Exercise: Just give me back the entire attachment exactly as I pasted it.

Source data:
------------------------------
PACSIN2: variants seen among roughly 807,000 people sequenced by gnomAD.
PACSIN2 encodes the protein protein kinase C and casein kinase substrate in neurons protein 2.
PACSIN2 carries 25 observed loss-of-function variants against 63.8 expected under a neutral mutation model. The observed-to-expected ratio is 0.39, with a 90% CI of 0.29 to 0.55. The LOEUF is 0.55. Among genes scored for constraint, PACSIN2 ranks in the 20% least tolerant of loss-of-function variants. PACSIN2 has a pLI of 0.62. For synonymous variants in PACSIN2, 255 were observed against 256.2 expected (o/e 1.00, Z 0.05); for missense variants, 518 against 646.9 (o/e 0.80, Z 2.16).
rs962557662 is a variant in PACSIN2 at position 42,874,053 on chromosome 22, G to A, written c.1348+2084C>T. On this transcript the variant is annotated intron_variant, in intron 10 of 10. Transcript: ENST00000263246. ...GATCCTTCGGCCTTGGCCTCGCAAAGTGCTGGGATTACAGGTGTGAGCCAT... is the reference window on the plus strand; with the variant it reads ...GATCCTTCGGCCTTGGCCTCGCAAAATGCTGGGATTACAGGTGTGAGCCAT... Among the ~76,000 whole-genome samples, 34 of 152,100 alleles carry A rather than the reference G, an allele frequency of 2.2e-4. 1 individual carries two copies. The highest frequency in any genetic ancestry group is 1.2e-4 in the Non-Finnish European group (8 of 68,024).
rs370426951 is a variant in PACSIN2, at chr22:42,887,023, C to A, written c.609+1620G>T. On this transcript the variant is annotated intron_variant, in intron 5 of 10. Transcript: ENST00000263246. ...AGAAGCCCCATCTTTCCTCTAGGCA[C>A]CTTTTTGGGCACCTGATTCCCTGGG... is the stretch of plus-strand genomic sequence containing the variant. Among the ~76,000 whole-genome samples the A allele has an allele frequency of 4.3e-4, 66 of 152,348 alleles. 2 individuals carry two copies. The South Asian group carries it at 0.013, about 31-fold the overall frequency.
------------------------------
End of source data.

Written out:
PACSIN2: variants seen among roughly 807,000 people sequenced by gnomAD.
PACSIN2 encodes the protein protein kinase C and casein kinase substrate in neurons protein 2.
PACSIN2 carries 25 observed loss-of-function variants against 63.8 expected under a neutral mutation model. The observed-to-expected ratio is 0.39, with a 90% CI of 0.29 to 0.55. The LOEUF is 0.55. Among genes scored for constraint, PACSIN2 ranks in the 20% least tolerant of loss-of-function variants. PACSIN2 has a pLI of 0.62. For synonymous variants in PACSIN2, 255 were observed against 256.2 expected (o/e 1.00, Z 0.05); for missense variants, 518 against 646.9 (o/e 0.80, Z 2.16).
rs962557662 is a variant in PACSIN2 at position 42,874,053 on chromosome 22, G to A, written c.1348+2084C>T. On this transcript the variant is annotated intron_variant, in intron 10 of 10. Transcript: ENST00000263246. ...GATCCTTCGGCCTTGGCCTCGCAAAGTGCTGGGATTACAGGTGTGAGCCAT... is the reference window on the plus strand; with the variant it reads ...GATCCTTCGGCCTTGGCCTCGCAAAATGCTGGGATTACAGGTGTGAGCCAT... Among the ~76,000 whole-genome samples, 34 of 152,100 alleles carry A rather than the reference G, an allele frequency of 2.2e-4. 1 individual carries two copies. The highest frequency in any genetic ancestry group is 1.2e-4 in the Non-Finnish European group (8 of 68,024).
rs370426951 is a variant in PACSIN2, at chr22:42,887,023, C to A, written c.609+1620G>T. On this transcript the variant is annotated intron_variant, in intron 5 of 10. Transcript: ENST00000263246. ...AGAAGCCCCATCTTTCCTCTAGGCA[C>A]CTTTTTGGGCACCTGATTCCCTGGG... is the stretch of plus-strand genomic sequence containing the variant. Among the ~76,000 whole-genome samples the A allele has an allele frequency of 4.3e-4, 66 of 152,348 alleles. 2 individuals carry two copies. The South Asian group carries it at 0.013, about 31-fold the overall frequency.